What I couldn’t kick, though, was the twinge of shame I’d long felt about hours spent gaming. As news of vaccines rolled in, another anxiety emerged: What if I ended up re-addicted, for good? The Civilization aces I watched on YouTube (yes, I was that hooked) were hyping a new game that I knew I would have to try. Called Humankind, it was rumored to be “the Civ killer.”
Humankind, a turn-based strategy game created by the Sega-owned French studio Amplitude, differentiates itself in its title: Our species, not our stuff, is the point. Civilization encourages you to quickly establish a capital, but Humankind’s early turns are all about communing with nature as your wandering tribe of hominids hunts and gathers. The bigger twist is that once you do settle down, you don’t stick with one civilization for the millennia to come. You instead get periodic chances to pick a new culture, creating a hybridized society: Your Bronze Age towns may be strewn with the colossal stone heads of the Olmecs, but you might later evolve in an Austro-Hungarian direction, with opera halls and Evidenzbureau agents. The buzz among gamers was that this mixing and matching could enable a richer, even more unpredictable historical simulation.
Curious to discover how far my new gaming habit would extend, in June I accessed Humankind’s “closed beta”—a prerelease trial version made temporarily available to solicit feedback. I was immediately struck by the visuals: serene and painterly, with loping hills and wandering deer. Civilization has well-drawn terrain too, but I mostly perceived its map as a nifty chessboard. Humankind really feels like a world, and other aesthetic details—illustrations, text narratives—encourage imaginative engagement. Every so often, highly specific scenarios crop up: a destabilizing rumor spreads through your population, or refugees accumulate at your borders. Choosing how to react (suppress dissent or allow it; integrate outsiders or expel them) jangled my sense of ethics in a way Civ rarely did.
The most important divergence between the games lies in their answers to an impossible question: What would it mean to “win” the world? Civilization VI has multiple discrete paths to victory, including conquering your enemies’ capitals, colonizing another planet, or converting the globe to your faith. This vision of progress is about determinedly working toward a capstone before anyone else achieves greatness. Smart players apply ruthless cost-benefit logic to every decision, which sometimes means sacrificing present-day prosperity while building toward future dominance.
By contrast, the structure of Humankind rewards societies that steadily flourish: A broad range of accomplishments—influence attained, cities booming, wonders constructed, skirmishes won—feed into one ledger of “fame” points, which eventually determine the winner. The goal is to cultivate some ineffable melange of impact and happiness over time—a theoretically uplifting answer to the question of what gives a society, and the people in it, a sense of value and purpose.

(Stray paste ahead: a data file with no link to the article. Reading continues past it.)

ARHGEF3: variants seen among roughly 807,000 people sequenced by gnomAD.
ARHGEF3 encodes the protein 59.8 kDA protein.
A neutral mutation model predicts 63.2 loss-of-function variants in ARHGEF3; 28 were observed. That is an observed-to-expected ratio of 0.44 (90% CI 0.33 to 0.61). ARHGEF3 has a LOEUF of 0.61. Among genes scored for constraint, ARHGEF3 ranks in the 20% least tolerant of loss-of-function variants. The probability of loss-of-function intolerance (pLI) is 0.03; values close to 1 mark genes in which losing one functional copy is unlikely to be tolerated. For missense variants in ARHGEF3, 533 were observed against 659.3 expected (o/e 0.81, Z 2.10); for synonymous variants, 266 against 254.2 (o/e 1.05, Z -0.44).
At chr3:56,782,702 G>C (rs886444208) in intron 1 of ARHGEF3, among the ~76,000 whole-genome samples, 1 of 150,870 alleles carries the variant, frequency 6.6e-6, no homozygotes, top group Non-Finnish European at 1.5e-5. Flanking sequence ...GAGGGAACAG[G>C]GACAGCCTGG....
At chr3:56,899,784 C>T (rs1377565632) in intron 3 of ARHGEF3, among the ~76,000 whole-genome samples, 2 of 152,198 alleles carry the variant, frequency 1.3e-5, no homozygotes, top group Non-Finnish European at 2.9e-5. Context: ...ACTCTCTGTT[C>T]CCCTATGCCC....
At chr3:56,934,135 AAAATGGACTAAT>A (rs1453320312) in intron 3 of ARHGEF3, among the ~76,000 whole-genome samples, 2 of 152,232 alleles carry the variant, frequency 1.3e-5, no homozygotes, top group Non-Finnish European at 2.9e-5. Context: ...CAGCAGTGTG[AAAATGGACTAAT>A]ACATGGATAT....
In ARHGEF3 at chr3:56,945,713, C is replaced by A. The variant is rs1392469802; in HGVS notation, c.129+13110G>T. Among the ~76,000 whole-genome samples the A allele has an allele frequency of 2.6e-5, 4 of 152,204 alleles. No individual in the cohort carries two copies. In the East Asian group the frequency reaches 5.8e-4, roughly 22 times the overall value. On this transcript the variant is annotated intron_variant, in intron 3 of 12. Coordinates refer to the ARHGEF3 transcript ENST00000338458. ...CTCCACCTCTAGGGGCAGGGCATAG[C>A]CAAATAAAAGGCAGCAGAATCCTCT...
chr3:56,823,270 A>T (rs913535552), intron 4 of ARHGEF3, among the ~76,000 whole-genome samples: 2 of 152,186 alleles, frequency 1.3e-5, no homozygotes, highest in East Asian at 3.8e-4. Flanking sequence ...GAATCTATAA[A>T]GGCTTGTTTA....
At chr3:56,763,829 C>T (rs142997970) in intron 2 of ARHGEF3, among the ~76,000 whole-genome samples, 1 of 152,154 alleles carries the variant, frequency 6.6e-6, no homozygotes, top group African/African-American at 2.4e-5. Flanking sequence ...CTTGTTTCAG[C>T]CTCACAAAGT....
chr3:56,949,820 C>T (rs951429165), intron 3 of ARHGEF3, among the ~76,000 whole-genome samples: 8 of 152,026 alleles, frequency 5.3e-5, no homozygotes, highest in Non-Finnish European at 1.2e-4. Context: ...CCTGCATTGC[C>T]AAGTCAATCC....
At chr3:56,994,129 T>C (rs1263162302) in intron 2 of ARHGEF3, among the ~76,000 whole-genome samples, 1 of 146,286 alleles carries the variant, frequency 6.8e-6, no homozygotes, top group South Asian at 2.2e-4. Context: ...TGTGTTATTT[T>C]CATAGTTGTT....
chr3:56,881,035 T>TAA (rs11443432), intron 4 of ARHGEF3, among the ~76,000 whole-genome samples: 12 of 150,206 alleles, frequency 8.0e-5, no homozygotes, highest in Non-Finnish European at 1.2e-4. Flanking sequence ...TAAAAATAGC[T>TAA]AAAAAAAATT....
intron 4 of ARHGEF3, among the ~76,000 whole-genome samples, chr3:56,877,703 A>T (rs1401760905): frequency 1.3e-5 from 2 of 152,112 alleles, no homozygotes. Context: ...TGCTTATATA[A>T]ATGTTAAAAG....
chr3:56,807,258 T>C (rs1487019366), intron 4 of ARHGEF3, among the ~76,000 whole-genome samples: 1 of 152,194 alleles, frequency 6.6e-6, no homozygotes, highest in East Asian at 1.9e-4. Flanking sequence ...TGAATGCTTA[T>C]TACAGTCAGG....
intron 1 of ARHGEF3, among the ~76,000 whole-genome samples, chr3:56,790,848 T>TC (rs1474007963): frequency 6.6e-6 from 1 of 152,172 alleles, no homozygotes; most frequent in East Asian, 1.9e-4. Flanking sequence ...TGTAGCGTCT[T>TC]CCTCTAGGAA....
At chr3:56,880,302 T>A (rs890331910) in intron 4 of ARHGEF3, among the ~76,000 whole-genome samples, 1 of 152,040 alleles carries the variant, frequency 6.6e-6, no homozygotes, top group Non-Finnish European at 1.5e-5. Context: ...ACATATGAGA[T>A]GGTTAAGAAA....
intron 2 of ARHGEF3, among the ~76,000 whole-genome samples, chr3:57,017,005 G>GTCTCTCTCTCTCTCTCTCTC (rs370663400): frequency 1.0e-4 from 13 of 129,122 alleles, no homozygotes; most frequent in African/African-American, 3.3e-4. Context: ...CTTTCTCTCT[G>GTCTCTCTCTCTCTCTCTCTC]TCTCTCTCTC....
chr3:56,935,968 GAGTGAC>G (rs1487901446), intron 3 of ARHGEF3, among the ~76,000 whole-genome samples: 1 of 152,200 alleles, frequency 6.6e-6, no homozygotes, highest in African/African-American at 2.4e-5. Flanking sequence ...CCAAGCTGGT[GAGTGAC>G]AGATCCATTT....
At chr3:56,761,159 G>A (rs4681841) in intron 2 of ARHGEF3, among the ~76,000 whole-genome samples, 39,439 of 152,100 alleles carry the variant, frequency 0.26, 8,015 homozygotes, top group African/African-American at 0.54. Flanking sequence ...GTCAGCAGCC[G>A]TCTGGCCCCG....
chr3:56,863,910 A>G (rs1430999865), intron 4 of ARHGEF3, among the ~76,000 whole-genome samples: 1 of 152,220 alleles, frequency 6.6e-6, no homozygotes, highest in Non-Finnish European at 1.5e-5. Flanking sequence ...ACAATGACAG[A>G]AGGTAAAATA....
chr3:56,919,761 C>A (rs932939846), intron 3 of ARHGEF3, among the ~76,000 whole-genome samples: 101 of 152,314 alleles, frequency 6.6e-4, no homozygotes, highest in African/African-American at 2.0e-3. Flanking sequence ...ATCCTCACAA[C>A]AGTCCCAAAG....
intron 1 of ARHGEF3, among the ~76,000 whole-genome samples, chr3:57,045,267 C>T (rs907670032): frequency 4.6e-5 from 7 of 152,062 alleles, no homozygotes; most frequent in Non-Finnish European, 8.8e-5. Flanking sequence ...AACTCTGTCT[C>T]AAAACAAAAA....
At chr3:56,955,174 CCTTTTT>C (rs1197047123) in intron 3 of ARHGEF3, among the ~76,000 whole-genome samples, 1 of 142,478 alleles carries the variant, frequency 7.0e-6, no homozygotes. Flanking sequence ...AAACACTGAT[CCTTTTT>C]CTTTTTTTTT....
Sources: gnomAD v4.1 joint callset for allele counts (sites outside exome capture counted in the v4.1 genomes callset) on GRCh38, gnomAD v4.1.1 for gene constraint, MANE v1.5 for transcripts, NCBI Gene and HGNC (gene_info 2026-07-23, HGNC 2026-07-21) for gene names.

But as I played through my first Humankind game as a science-focused civilization (blending Babylon, Greece, and the Korean kingdom of Joseon), the hunt for legacy came to feel more like gardening than gaming. I built schools, researched technologies, and watched my score climb like a thriving vine. In life, it’s healthy to feel that every endeavor, large and small, has intrinsic value. In a game, conniving toward one ambitious goal—inviting a continual drip of intrigue and risk—is more fun.
As a result, Humankind didn’t glue me to my spot in the way that Meier’s franchise did, and I lost only a little sleep pondering my next moves. Then again, I was playing a limited demo during early-summer balminess as mask mandates began to be lifted. When the world resumed doling out its own points—novel experiences, consequential encounters—I didn’t exactly stop feeling the computer’s pull. Instead, the vividness of reality made me realize that gaming could be part of my life without running my life.
One recent night, arriving home after a reunion with colleagues, I fired up Civilization for the first time in a few weeks. The French had my capital surrounded, but I fended off the siege and counterattacked. By the time I took Paris, it was 1 a.m. I didn’t know when I’d resume my conquest, but I did know that until then, I could count on a warm hum of anticipation in my brain, more motivating than distracting. I also thought of something Meier said in his book: “A bad game strands you in the past (as in, ‘What just happened?’) while a mediocre one keeps you in the present (‘Sure, this is cool.’). But a really good game keeps you focused on what’s yet to come.”
This article appears in the October 2021 print edition with the headline “Everybody Wants to Rule the World.” When you buy a book using a link on this page, we receive a commission. Thank you for supporting The Atlantic.